I remembered that Ella Victoria Dobbs, university art instructor and author of books on arts and crafts, found beautiful white clay on our farm. She tested it and found its "firing time." I located a big book with a half-page about cleaning and firing natural clay. Soon I was forming little clay figures with the lovely white clay that was exposed when the highway department changed our driveway entrance.
When family and friends quit laughing at my first attempts, I began a series of people trying to revive people brought out of water, apparently drowned. I gave one to my ex-lifesaving instructor, and she was thrilled to display it on her desk. Her enthusiasm was the boost I needed. Local historians told of the Boone brothers, who blazed a trail west through this area, so I began to call my clay people "The Little People of the Boone’s Lick Trail." Someone advised, "Name each one and number it so you’ll know which ones your customers liked best."
Now, many years later, I have a list of many names and numbers of Little People of the Boone’s Lick Trail of the past. "Joe" was a beekeeper; his father was a professor in related subjects. Hattie made soup in a big iron kettle in the backyard. Lillian helped Mom learn to make soap with scraps of pork fat and Mary War Lye. We had to walk to visit Bess, and she met us at her spring and gave us cool drinking water from that place, where a small green frog lived. Phoebe gathered goose eggs from the weeds while the goose watched. I represented many more friends and relatives and numbered and sold them.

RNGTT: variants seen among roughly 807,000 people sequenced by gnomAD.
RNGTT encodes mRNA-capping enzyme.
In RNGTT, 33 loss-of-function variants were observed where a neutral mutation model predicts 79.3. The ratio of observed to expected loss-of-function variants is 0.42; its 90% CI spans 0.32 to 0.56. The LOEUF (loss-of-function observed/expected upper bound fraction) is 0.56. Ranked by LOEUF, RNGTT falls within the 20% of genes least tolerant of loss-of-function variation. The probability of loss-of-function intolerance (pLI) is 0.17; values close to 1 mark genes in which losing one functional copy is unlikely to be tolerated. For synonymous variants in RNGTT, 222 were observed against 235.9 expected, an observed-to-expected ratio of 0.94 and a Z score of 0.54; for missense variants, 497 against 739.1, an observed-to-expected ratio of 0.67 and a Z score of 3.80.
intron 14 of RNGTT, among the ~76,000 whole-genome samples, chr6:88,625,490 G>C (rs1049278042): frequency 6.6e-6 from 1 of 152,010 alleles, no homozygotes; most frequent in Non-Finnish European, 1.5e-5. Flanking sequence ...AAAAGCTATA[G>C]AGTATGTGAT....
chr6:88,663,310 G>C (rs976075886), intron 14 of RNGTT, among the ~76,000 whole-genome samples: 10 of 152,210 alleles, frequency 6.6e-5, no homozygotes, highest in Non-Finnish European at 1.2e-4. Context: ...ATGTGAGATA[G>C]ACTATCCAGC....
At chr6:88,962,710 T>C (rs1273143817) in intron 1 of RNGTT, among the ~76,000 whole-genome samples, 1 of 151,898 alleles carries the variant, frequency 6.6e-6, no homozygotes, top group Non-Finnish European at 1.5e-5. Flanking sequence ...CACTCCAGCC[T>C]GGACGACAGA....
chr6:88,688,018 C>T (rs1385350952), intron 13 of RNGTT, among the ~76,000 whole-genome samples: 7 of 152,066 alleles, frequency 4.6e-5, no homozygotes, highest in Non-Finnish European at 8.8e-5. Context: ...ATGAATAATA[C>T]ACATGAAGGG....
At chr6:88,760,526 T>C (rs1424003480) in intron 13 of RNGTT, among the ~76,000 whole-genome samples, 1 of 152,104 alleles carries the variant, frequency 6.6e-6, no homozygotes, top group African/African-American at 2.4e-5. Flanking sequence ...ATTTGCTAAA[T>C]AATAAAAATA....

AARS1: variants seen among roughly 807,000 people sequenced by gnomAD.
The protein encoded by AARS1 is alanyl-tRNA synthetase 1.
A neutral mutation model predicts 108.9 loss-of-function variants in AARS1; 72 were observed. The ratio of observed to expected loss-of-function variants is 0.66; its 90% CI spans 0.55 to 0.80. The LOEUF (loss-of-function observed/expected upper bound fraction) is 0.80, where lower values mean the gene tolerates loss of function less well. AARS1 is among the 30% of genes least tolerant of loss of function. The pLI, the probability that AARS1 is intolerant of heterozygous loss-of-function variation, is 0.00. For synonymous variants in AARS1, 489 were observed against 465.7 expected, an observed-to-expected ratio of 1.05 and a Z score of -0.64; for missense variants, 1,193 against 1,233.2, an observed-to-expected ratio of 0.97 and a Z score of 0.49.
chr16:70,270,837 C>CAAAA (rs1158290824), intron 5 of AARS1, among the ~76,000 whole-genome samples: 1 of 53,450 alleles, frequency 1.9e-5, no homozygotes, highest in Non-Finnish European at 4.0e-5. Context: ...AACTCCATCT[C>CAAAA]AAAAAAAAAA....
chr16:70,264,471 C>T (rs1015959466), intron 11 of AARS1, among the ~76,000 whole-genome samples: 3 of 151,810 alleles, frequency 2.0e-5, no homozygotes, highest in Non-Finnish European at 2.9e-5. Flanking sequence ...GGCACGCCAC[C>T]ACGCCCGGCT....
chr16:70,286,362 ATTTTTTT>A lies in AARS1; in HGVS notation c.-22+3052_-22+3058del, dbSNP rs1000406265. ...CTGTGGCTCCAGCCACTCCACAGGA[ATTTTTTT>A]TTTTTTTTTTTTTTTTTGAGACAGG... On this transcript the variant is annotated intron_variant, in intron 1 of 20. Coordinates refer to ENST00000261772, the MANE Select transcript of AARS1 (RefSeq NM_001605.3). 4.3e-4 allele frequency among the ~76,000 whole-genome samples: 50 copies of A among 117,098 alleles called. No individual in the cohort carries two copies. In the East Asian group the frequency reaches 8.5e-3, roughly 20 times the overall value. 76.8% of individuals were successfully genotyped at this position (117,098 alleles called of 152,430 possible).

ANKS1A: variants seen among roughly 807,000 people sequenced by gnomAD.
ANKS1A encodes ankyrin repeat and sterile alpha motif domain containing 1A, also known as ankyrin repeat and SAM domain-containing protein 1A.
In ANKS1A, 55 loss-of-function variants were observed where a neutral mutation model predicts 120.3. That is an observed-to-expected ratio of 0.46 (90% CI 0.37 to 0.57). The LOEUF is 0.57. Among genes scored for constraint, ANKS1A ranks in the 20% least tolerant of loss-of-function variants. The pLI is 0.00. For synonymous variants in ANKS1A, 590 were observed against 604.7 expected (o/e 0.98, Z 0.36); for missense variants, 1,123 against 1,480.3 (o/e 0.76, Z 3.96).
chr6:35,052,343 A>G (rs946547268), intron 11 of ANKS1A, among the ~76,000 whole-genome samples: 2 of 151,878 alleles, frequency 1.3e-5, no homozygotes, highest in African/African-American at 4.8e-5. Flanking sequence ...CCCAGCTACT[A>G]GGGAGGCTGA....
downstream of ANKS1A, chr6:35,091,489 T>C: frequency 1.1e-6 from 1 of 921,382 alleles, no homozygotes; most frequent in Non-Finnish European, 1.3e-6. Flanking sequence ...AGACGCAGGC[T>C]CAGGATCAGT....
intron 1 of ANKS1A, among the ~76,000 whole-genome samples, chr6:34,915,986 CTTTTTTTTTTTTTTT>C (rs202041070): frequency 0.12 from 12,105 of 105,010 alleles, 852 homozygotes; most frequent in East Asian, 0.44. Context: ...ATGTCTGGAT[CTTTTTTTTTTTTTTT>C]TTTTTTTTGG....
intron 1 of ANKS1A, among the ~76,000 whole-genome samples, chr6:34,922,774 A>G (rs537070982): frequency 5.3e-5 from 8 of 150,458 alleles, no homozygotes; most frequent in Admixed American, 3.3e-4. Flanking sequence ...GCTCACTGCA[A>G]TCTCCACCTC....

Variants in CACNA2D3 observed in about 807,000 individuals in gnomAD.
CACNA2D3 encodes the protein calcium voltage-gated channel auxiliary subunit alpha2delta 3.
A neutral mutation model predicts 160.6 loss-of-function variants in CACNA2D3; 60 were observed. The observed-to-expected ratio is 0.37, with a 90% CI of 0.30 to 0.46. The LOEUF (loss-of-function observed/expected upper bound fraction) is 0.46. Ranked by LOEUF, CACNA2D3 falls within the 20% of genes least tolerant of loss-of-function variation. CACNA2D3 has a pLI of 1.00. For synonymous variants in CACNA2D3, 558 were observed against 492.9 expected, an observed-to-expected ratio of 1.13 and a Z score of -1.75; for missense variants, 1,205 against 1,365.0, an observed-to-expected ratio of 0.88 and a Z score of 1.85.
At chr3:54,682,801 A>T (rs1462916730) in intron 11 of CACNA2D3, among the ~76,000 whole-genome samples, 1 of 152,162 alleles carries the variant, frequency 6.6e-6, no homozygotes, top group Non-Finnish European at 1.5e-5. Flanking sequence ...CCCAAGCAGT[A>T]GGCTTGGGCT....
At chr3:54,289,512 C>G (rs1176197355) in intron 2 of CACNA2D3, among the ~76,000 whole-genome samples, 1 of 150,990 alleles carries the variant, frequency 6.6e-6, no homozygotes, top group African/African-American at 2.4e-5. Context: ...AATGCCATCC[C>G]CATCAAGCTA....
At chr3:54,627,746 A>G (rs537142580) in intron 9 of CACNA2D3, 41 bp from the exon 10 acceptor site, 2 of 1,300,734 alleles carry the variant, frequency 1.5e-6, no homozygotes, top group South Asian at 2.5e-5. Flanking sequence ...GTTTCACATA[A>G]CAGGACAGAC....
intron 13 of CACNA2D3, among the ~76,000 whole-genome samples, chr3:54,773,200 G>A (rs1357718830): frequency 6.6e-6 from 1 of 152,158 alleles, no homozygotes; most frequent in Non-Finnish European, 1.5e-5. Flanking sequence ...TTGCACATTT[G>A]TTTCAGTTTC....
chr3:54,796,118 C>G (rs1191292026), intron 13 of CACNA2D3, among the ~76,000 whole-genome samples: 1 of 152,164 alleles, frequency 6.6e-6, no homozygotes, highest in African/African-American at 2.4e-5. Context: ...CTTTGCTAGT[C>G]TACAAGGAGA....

In about 1918, Mom was the volunteer pianist at Olivet Church, and I went along to every event. There was no other person to play the pump organ or piano. Years later, I made Mom in clay and a large sculpture of men dragging huge logs through mud to build Olivet Church.
A story of Columbia’s hospitality to newcomer pioneer families was frequently repeated in the spring. When word reached the business section that wagons were approaching Columbia, residents harnessed their teams and went to help newcomers get up the East Broadway hill. "Springs" of water made the hill a "loblolly," and wagons had to be partially unloaded to be pulled to the top. My 50-inch sculpture of that is in Boone Hospital Center’s main lobby. A similar piece is displayed at the Boone County Historical Society.
Pottery on the wheel required more workspace and a larger kiln. It also imitated various ways pottery was made in early days. My husband, son and son-in-law built a potter’s wheel and cleared a garage to make space. Much later, they and professional masons built a big outdoor wood-burning kiln and helped a crew of friends fire many of my wheel-thrown pots. Then time marched on!